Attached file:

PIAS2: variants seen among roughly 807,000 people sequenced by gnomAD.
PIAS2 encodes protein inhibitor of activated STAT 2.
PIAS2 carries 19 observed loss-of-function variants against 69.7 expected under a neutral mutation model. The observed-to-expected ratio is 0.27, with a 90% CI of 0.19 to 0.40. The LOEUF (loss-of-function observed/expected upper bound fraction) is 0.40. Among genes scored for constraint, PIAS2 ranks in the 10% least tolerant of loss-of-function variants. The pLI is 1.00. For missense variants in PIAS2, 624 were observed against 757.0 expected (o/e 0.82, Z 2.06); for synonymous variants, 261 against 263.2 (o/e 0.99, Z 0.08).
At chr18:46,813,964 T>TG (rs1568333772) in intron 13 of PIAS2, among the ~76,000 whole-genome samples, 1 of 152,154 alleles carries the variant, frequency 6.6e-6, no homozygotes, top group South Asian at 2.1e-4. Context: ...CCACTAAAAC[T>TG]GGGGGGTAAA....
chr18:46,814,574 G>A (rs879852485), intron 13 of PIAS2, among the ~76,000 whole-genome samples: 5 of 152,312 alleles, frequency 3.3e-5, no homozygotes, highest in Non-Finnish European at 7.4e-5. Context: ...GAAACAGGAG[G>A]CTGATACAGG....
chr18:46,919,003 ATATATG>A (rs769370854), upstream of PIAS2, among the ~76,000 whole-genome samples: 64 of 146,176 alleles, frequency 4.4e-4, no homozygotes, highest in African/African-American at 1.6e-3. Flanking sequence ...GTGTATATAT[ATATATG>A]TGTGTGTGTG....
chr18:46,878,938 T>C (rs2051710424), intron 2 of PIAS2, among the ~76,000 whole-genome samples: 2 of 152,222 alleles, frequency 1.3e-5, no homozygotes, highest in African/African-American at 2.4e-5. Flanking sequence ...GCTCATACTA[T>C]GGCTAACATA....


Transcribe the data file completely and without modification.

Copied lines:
PIAS2: variants seen among roughly 807,000 people sequenced by gnomAD.
PIAS2 encodes protein inhibitor of activated STAT 2.
PIAS2 carries 19 observed loss-of-function variants against 69.7 expected under a neutral mutation model. The observed-to-expected ratio is 0.27, with a 90% CI of 0.19 to 0.40. The LOEUF (loss-of-function observed/expected upper bound fraction) is 0.40. Among genes scored for constraint, PIAS2 ranks in the 10% least tolerant of loss-of-function variants. The pLI is 1.00. For missense variants in PIAS2, 624 were observed against 757.0 expected (o/e 0.82, Z 2.06); for synonymous variants, 261 against 263.2 (o/e 0.99, Z 0.08).
At chr18:46,813,964 T>TG (rs1568333772) in intron 13 of PIAS2, among the ~76,000 whole-genome samples, 1 of 152,154 alleles carries the variant, frequency 6.6e-6, no homozygotes, top group South Asian at 2.1e-4. Context: ...CCACTAAAAC[T>TG]GGGGGGTAAA....
chr18:46,814,574 G>A (rs879852485), intron 13 of PIAS2, among the ~76,000 whole-genome samples: 5 of 152,312 alleles, frequency 3.3e-5, no homozygotes, highest in Non-Finnish European at 7.4e-5. Context: ...GAAACAGGAG[G>A]CTGATACAGG....
chr18:46,919,003 ATATATG>A (rs769370854), upstream of PIAS2, among the ~76,000 whole-genome samples: 64 of 146,176 alleles, frequency 4.4e-4, no homozygotes, highest in African/African-American at 1.6e-3. Flanking sequence ...GTGTATATAT[ATATATG>A]TGTGTGTGTG....
chr18:46,878,938 T>C (rs2051710424), intron 2 of PIAS2, among the ~76,000 whole-genome samples: 2 of 152,222 alleles, frequency 1.3e-5, no homozygotes, highest in African/African-American at 2.4e-5. Flanking sequence ...GCTCATACTA[T>C]GGCTAACATA....